Alison has completed a wide range of art projects developed from various heritage and science themes, including tree identification and marine life. If there is a local heritage topic you wish to consider, art workshops covering any aspect of the visual art curriculum, can be planned in collaboration with teachers and pupils. At present, outdoor art projects can be developed successfully using place-based learning.

Testimonials

  • "A very enjoyable day thankyou!"
  • "Our day with Alison was absolutely amazing.The children learned so much about our the local environment. Alison's planning & local knowledge with use of building etc in our area was superb." - St. Nicholas' Parochial School, Galway
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  • "The children really loved looking at their town through the lens of the built heritage. It gave them a whole different way of looking at the buildings and different features of buildings in their home town." - Scoil Chroí Naofa, Athenry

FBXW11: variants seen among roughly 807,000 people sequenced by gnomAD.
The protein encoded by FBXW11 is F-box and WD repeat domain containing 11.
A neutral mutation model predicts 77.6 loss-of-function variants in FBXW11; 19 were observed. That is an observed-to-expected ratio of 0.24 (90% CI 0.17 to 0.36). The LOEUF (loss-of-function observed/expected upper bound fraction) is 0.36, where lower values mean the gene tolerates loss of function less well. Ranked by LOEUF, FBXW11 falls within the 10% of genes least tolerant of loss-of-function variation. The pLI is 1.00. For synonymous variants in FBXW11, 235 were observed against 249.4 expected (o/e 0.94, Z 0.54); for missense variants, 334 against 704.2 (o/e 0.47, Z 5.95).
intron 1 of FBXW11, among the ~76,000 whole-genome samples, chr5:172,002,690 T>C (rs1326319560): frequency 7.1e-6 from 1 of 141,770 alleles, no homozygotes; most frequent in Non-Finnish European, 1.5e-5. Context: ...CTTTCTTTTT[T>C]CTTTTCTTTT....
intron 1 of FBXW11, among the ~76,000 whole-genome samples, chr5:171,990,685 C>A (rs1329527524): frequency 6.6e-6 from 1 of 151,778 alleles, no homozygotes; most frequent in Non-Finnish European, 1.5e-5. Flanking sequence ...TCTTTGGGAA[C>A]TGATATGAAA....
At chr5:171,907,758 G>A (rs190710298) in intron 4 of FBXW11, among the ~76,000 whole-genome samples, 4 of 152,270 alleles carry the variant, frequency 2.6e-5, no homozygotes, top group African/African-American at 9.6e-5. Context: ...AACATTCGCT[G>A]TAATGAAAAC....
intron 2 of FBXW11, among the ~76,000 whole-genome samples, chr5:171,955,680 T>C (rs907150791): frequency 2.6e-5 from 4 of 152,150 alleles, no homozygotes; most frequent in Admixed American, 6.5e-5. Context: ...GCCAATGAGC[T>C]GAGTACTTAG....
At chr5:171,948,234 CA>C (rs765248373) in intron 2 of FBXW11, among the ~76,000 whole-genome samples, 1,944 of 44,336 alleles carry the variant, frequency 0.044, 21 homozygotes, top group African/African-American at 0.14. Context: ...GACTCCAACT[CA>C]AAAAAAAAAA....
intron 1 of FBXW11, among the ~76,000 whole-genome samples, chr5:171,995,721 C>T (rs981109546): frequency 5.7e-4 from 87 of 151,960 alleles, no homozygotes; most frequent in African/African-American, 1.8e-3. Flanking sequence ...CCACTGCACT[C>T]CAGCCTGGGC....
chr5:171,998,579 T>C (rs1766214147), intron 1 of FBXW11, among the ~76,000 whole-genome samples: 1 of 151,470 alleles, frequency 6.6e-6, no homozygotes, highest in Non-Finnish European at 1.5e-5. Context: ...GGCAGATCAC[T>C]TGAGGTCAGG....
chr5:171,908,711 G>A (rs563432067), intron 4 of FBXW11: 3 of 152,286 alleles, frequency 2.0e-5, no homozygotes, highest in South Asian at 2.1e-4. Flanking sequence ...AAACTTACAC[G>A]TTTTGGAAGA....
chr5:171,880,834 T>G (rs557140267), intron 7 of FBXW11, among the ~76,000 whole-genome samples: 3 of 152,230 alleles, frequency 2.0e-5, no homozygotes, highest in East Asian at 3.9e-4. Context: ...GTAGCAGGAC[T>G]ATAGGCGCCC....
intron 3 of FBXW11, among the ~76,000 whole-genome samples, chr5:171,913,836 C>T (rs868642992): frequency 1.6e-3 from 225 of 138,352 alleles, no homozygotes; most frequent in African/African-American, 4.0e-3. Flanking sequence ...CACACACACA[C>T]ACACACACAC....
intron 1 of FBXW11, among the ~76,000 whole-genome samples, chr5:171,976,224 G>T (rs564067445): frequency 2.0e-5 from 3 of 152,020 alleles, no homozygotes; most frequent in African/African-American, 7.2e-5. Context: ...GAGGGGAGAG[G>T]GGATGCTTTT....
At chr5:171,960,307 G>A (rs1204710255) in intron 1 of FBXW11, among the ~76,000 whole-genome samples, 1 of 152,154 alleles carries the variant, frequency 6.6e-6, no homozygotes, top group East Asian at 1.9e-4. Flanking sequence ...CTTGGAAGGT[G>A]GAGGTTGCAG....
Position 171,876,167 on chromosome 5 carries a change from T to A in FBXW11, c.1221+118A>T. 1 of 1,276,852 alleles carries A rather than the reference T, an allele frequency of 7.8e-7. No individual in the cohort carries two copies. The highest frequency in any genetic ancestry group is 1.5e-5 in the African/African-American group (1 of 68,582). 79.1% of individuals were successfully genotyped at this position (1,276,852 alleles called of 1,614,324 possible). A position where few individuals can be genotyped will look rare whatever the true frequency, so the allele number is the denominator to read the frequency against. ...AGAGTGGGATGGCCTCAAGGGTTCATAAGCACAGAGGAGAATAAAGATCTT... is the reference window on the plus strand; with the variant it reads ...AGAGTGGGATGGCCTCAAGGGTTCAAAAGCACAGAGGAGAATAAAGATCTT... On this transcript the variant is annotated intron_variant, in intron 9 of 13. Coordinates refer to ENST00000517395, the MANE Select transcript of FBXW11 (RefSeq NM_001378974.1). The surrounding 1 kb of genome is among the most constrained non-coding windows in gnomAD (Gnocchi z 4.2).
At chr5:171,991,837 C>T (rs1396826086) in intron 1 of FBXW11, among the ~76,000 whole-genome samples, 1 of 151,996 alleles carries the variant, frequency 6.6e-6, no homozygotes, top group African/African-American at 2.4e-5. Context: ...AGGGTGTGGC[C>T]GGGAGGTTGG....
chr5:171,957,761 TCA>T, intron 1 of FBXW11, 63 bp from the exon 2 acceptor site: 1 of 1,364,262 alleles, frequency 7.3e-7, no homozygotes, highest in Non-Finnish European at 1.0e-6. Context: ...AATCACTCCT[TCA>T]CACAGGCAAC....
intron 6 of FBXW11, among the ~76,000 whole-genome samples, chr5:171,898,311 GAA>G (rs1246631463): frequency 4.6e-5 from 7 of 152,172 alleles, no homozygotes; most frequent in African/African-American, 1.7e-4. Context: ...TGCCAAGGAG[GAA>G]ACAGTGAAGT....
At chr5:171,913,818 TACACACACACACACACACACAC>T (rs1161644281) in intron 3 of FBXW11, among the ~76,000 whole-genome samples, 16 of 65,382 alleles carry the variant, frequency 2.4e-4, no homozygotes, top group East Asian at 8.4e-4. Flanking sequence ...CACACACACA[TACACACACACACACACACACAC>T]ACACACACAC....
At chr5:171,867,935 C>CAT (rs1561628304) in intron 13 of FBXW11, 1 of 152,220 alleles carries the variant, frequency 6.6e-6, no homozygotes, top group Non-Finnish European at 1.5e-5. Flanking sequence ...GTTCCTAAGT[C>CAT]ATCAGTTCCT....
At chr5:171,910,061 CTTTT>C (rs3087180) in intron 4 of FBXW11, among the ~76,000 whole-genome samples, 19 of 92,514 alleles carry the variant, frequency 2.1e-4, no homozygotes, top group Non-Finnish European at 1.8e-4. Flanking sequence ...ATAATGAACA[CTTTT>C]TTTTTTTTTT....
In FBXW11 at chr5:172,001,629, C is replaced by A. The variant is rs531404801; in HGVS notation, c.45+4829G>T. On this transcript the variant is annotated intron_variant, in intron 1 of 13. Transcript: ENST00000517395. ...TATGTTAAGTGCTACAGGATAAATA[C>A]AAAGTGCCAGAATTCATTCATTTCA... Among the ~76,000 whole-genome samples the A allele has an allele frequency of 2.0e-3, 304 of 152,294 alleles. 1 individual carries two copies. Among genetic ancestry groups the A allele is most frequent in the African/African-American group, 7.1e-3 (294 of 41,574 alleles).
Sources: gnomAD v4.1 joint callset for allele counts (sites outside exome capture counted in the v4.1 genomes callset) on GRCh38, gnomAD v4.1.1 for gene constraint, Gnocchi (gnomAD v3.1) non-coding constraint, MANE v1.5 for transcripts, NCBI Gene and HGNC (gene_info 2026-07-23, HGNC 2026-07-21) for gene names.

• "We thoroughly enjoyed Alison's visit. It was jam-packed full f activities and the outdoor fieldtrip around the locality was fun and educational. The on-site activities were hands-on, interactive and challenging. Alison's interaction with the children was professional, warm and engaging. We would have no hesitation inviting her back or recommending her to another school." - Galway Educate Together NS
  • "Really enjoyable visit and children got a lot from it." - Cregmore NS, Galway
  • "The children really enjoyed this and learned a great deal about their local village. They really enjoyed drawing their own maps also and being outside was wonderful." - St. Joseph's NS, Galway
  • "Alison spent spent 3 full days with us and worked with 6 5th classes. She was excellent and the session really benefitted the children and made them see their town in a new light!" - Trinity Primary School, Galway

Additional Information

  • Provides in-person visits
  • Caters for special needs
  • Provides practical/hands-on activities
  • Provides field trips

Contact Details

Mobile:
085 7140079
Email:
alisonmaccormaic@yahoo.ie